Cameras come in a plethora of shapes and sizes. It has become progressively difficult to find to choose the right one for you. We will try to break down some of the basic technical terms found in specifications and feature lists. That way, you can have a clearer understanding of the capabilities of any camera.
Resolution (pixel count)
As you may have learned from other courses, a raster image, which a digital photograph is an example of, is made up of basic units called pixels. Image resolution can be considered as an area with a height and width measured in pixels. Zoom in close enough to a raster image, and you will see an array of squares. Each of that square is a pixel.
So, for example, an 800×600 image would have 480,000 pixels total. The modern digital camera has the capacity to shoot pictures well into the megapixel range (1 million pixels or more). Even that tiny front-facing camera on most of today’s mobile phones can shoot a two megapixel image. Resolution was or still is associated with higher image quality, which prompted what is now known as the Megapixel War. Perhaps it can also be regarded as a race, because it is an unending cycle of manufacturers putting out a camera that can shoot pictures at higher resolutions than the competition. However, the increases have diminished in significance over time. The proportion of difference from one to two megapixels was nothing short of epic back in day. However, while technology has advanced by leaps and bounds since then, the difference between, let’s say, 46 to 50 megapixels would not be so dramatic.
The effect of pixel count on actual image quality has long been a point of debate, which may be best left outside this manual. But one definite disadvantage of a higher resolution is that you have more pixels to work with. It is definitely preferable to down-sample, or take away pixels to reduce an image, rather than up-sample, or add interpolated pixels to enlarge an image. The former usually leads to a sharper, more detailed image. Ther latter, on the other hand, relies on your software’s level of sophistication and can only be done so much before the degradation of quality becomes apparent.
Where as the traditional analog camera had film to expose captured images on, the modern digital camera has what is called a sensor. A camera’s sensor captures light and converts it into digital data. While there seem to be no strict standards followed, there are sizes commonly found across different camera models.
Reminiscent of the Megapixel War, there is also a popular belief that bigger is better. The physics behind the argument is compelling. A bigger sensor captures more light per frame, and therefore leads to a higher density of data to work with. Aside from higher resolutions, this could allows for a higher dynamic range. A bigger sensor also has the potential to allow for better images in low-light conditions.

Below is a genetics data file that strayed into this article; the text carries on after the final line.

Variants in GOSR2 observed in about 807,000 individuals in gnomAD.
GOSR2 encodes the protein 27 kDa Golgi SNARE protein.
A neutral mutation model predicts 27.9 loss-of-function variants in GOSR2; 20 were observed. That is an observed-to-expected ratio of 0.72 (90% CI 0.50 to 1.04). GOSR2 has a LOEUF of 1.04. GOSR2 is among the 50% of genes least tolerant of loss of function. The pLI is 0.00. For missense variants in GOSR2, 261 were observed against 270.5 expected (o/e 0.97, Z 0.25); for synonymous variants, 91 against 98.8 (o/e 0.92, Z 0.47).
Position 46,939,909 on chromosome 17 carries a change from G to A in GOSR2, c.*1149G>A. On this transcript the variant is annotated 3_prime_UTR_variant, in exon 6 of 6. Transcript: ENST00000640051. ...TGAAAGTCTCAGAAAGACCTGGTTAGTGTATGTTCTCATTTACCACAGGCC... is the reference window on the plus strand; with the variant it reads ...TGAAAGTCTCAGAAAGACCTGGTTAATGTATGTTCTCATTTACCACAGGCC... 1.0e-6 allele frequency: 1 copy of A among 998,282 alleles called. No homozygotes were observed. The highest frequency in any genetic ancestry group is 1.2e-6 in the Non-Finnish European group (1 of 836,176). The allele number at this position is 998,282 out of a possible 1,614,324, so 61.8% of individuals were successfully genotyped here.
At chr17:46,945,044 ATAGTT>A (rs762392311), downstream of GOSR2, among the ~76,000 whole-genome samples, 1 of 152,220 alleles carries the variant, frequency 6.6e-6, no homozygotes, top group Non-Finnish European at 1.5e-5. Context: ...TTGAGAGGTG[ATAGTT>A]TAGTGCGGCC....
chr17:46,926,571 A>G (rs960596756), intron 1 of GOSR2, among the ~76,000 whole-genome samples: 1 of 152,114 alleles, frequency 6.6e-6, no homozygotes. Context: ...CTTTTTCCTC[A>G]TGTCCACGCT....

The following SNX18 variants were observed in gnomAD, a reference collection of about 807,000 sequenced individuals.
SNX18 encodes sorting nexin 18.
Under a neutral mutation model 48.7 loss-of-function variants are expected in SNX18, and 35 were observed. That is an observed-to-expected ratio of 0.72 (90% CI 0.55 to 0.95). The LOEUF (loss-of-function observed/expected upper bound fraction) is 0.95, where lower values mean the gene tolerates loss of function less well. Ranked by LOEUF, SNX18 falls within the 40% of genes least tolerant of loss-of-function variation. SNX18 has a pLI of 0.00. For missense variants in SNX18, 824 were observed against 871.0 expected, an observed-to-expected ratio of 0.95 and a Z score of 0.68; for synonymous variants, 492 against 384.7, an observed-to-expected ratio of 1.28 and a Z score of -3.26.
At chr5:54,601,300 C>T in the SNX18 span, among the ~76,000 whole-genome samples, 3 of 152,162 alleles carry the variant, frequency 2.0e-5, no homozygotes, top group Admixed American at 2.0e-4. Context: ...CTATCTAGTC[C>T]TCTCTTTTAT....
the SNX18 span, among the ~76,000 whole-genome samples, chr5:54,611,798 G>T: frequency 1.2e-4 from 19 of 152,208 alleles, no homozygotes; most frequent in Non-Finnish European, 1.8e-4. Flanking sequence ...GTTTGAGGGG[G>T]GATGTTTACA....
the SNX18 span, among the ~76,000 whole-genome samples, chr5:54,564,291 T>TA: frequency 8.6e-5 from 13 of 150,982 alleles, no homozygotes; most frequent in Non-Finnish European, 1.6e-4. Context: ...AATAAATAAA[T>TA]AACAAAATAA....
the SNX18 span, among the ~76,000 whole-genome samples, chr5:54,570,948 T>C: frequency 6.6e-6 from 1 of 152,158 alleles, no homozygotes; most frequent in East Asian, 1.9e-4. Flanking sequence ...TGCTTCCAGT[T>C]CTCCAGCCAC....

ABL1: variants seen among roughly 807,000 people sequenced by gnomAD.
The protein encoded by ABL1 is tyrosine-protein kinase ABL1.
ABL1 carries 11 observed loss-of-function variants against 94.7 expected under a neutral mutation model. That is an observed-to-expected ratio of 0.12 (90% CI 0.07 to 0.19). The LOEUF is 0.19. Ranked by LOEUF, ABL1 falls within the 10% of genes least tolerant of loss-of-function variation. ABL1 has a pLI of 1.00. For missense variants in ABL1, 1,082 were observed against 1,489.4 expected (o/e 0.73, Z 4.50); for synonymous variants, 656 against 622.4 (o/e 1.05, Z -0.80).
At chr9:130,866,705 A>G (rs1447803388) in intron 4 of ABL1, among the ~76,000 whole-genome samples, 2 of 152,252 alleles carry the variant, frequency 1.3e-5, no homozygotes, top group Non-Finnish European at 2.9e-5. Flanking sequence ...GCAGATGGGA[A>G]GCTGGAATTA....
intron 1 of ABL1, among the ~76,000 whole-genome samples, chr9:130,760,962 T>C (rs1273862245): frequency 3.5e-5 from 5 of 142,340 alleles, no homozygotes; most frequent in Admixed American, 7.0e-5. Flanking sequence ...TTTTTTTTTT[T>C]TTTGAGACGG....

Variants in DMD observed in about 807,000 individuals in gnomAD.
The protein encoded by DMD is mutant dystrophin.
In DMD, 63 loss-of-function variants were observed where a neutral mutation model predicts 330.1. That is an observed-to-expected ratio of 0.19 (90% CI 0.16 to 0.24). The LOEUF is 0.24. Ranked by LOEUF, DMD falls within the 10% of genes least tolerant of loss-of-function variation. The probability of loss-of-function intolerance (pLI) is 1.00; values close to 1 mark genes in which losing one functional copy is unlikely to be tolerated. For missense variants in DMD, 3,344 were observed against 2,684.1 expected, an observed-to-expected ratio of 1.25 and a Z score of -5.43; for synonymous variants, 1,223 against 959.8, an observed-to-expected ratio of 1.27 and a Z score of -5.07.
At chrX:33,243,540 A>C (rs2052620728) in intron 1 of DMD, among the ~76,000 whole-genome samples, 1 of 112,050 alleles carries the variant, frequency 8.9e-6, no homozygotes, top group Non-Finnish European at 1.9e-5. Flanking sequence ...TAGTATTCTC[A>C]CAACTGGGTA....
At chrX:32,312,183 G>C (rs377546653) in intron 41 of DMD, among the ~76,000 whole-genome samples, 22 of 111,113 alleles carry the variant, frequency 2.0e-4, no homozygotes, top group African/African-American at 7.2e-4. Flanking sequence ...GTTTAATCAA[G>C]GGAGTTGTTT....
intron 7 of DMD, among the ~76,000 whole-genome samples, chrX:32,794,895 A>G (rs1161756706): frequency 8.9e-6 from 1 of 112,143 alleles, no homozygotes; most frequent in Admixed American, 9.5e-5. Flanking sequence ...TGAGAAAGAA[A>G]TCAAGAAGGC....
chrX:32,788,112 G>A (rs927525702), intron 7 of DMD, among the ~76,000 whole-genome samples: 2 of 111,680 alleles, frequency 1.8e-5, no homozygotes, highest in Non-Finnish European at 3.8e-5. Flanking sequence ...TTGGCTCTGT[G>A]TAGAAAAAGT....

The reality of whether or not bigger really is better, however, is not so simply decided. While a bigger sensor does bring image quality benefits to the table, its level of significance relative to the user does vary. Larger sensors also lead to larger and heavier cameras. And yes, building a hardware ecosystem around a camera body with a larger sensor is an expensive affair.
Cameras can magnify, or zoom in to get up close to a subject. This can be done either optically with a lens, or digitally by the camera’s processor. Generally speaking, optical zoom yields better images. However, it often makes for a larger camera (or lens) size.
ISO is the third element of what is called the exposure triange — a topic to be covered later in this manual. It is also one of the more prominently marketed items in a camera’s set of specifications. ISO is the level of sensitivity that a camera is capable of. At its simplest, a higher ISO means the ability to achieve proper exposure with less light and at higher shutter speeds. The drawback is that a higher ISO often leads to more noise. The amount of this noise is also not consistent across different models. For example, just because a camera can shoot clean pictures at ISO 800 doesn’t mean others can do so equally.
The ability to record video has become more and more important for what were originally digital still cameras. Mobile and DSLR videography, have become artforms by themselves. Therefore, it will be important to look into this feature, if you intend to do any meaningful video work with your camera. The two arguably most important parameters to check is video resolution and speed. As of today, the most relevant are HD and Full HD which are 1280×720 and 1920×1080 pixels, respectively. Larger resolutions such as Quad HD (2560×1440) are also becoming popular and are expected to become standard in the coming years. A camera is also typically able to record at 24, 25 and 30 frames per second (fps). Sometimes, 60 fps is possible.
An important thing to note with DSLR cameras can typically record video for only 20-30 minutes at a time, regardless of available space. There are two reasons for this. One is that these cameras require a huge amount of processing power to record video, and recording for extended periods can lead to damage. But what is perhaps the more relevant restriction is not technical in nature. DSLRs that are able to record more than 30 minutes of video would be classified as video recorders which entail higher duties and tariffs within the European Union, which are ultimately passed on to consumers who would have to deal with higher street prices.
Digital still cameras have not quite reached a point where it can definitively replace dedicated video cameras. But some can certainly do video recording well and satisfy most of your needs.
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